Girl Disappearing: Another snoozer, but the strings are beautiful. Lyrically, it’s incredible and what she’s exploring is very deep and complex. It’s reminiscent of her Under the Pink concept.

Secret Spell: So many people have criticized this song. It’s actually one of my favorites. The chorus is what gets me- the arrangement of lyrics with the piano, drums, and guitar is pretty unbelievable. The lyrics make me nostalgic and sad. But it’s a good sad; the sad that we all feel when we think about life and everything we’ve seen and heard.

Devils and Gods: I love the ukulele.

Body and Soul: Yum-me!! This song is hot. The electric guitar and percussion make this song so damn fierce. And the chorus. Oooooooo wee. “Come and kneel with me Body and Soul.” I know Jesus Christ is dancing to this one.

Father’s Son: Eh, another ballad. Next.

Programmable Soda: Fun. Zebra-esque. The lyrics are a little enigmatic, but that’s Tori for ya.

Code Red: I loved this song right away. It’s quintessential Tori….if there is such a thing. The piano is dark, the lyric arrangement is perfect and she layers them at the right time. This song definitely strikes the emotions. I’m sure all the long-time “ears with feet” appreciate this track more than any other on the album. My fave line “What you stole I would have given freely.”

Roosterspur Bridge: I think this is the bridge that connects Jamaica Inn to Ireland. Next.

Beauty of Speed: This grew on me. It was the first song I illegally downloaded and I wasn’t impressed, but know it’s on my top 5 list; probably because it’s a very timely song for myself. I want to meet the Beauty of Speed. Read the lyrics. If you’ve lost something, I think you’ll want to meet her too.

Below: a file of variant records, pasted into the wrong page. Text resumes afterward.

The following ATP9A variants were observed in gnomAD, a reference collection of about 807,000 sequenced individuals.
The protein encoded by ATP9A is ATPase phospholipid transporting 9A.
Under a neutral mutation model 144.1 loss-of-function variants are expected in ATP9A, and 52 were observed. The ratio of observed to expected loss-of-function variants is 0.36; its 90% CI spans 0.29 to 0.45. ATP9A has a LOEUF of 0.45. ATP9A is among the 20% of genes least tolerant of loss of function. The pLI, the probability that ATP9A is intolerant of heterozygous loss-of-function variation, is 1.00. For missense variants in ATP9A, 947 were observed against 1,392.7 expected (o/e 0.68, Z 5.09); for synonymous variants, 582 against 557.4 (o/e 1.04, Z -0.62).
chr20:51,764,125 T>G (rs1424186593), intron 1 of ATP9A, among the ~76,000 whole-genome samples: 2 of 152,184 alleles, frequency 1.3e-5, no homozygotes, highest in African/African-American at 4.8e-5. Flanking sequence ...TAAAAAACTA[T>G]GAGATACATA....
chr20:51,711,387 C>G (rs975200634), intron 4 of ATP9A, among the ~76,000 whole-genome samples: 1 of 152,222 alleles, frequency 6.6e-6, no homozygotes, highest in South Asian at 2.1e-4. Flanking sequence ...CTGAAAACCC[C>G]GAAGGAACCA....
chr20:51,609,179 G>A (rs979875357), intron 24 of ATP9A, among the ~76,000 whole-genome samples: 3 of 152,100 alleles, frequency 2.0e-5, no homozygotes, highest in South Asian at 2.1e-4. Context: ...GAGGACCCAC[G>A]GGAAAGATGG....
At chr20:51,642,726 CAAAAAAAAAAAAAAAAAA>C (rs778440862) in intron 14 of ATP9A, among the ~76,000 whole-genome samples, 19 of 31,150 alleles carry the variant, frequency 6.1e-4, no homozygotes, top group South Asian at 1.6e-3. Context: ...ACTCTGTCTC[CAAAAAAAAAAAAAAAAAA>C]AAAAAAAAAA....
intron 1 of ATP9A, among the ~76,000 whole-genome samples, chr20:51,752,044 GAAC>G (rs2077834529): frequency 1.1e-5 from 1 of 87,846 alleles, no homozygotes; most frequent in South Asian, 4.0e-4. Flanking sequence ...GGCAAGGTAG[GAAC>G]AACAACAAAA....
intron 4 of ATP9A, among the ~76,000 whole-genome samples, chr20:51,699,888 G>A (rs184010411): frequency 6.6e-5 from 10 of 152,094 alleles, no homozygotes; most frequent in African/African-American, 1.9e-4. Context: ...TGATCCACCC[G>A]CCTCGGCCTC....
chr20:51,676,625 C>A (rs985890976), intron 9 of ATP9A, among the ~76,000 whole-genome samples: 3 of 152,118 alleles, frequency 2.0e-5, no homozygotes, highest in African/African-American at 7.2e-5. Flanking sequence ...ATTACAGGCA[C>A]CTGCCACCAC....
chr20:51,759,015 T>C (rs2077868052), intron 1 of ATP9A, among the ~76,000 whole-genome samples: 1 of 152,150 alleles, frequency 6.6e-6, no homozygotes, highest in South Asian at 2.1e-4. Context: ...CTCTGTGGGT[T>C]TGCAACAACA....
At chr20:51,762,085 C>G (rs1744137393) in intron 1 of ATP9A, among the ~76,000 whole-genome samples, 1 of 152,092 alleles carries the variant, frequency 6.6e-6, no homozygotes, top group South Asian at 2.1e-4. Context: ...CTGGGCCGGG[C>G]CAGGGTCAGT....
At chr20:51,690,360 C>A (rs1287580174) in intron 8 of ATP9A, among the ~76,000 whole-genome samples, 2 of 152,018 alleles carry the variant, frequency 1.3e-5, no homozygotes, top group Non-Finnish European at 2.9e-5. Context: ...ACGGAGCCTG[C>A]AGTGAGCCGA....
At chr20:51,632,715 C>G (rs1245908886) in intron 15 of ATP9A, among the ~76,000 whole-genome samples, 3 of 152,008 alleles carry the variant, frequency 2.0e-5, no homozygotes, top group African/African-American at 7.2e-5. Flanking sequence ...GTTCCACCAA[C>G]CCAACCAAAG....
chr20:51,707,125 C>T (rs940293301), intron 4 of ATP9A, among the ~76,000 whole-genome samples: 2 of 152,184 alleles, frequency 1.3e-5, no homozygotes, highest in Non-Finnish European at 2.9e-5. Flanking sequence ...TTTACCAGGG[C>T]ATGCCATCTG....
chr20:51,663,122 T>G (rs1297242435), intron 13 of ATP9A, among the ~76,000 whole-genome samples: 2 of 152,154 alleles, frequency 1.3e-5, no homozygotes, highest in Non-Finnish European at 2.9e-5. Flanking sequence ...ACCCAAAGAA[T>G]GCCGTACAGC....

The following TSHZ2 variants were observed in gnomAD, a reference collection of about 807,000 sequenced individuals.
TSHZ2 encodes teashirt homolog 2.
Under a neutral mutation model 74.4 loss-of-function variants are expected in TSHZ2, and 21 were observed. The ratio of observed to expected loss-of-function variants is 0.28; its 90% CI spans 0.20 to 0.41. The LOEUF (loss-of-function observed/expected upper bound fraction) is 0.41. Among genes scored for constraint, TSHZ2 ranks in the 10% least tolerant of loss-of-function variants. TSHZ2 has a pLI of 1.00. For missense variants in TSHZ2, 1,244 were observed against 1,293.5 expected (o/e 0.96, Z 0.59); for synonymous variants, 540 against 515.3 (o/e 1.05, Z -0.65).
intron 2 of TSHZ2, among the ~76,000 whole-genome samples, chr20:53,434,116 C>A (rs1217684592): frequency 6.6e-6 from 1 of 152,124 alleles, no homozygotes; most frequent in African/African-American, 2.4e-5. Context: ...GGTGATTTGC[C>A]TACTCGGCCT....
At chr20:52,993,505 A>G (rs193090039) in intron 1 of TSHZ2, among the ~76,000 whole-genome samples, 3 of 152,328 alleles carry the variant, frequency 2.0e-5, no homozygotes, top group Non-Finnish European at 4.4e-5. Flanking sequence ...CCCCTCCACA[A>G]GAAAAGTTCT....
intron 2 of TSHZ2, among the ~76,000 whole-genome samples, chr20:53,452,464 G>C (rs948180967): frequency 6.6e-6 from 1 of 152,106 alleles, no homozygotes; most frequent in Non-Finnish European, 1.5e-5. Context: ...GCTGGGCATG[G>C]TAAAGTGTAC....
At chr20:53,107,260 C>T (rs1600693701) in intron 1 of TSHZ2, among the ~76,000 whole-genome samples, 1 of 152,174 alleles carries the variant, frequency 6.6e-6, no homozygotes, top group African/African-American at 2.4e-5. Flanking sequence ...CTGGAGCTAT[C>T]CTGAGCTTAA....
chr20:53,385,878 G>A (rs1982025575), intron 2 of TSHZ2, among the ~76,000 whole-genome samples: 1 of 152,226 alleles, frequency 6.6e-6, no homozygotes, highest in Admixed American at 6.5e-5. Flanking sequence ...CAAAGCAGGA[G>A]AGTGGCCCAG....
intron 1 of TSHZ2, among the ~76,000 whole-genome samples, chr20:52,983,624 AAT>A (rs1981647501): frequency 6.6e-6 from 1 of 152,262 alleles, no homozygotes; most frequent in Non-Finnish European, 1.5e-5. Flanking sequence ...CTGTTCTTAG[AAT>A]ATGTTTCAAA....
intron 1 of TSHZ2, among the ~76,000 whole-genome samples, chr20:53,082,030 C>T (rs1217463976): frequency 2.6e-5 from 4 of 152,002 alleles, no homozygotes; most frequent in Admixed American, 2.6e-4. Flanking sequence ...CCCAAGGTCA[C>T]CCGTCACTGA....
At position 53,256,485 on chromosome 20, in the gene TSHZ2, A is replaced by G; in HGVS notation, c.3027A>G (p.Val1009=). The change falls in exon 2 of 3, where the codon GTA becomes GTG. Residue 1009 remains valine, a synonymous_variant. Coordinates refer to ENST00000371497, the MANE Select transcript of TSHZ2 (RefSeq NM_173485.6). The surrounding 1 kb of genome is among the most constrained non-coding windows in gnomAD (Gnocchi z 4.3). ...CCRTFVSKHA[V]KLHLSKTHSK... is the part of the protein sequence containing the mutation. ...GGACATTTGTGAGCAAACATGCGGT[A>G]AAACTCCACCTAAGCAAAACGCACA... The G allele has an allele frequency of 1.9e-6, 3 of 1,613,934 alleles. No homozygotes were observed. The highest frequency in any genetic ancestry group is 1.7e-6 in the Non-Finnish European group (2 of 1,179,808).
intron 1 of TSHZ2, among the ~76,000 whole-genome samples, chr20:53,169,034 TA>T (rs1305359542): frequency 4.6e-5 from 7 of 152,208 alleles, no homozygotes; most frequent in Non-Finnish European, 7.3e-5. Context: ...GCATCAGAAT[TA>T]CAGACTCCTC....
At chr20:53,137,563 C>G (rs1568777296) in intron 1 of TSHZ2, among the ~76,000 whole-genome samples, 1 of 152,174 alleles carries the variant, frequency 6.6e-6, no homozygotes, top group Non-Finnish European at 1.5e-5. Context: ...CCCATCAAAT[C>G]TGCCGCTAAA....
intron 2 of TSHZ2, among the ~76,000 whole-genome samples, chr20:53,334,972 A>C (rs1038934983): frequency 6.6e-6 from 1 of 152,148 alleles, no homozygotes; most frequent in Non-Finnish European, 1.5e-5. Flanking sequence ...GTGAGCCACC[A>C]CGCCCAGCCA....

Almost Rosey: Another one that I had to give some time and patience to. I thought the beginning was cheesy as hell: uh uh uh, hey hey hey….I personally don’t like it when Tori does things like that. But after getting through hooha, the song is brilliant. It probably has the best lyrics on the album; the layering of them makes the song what it is. It’s a hopeful one. I bet this one is great live.

Velvet Revolution: The mandolin is perfect. This song should have been way longer than it is. It’s not even a song, it’s one of those so-called “interludes.”

Dark Side of The Sun: I don’t think of this as an Anti-war anthem, but more of a Pro-peace piece. She’s not saying anything new, but when one creates music about the atrocities of war, it gets under your skin a little more than usual. “Brush back my tears and he said “girl, we have to soldier on even when we don’t feel strong.” We are trapped in this war, into darkness, and she is pointing that out. I like how she says sun. So oy oy oy n . Her voice gets raspy too. Love it.

Posse Bonus: Kind of cute, yet kind of dumb.

Smokey Joe: Interesting because Pip I and Pip II sing different lines in the song, and then they sing together. I have to read the lyrics closer to really grasp the meaning of this piece. If this song were a color, it would be black with some gray splatters.

Dragon: Intelligent story telling here. It’s a love song; not love as between two people, but the love that might save all of us from destruction. The floodgates opened when I saw that children’s choir (PS22?) sing this song with Tori present. How precious.

I’m done. I’m not going to include bonus tracks Miracle, Drive All Night, or My Posse Can Do because I haven’t listened to them much.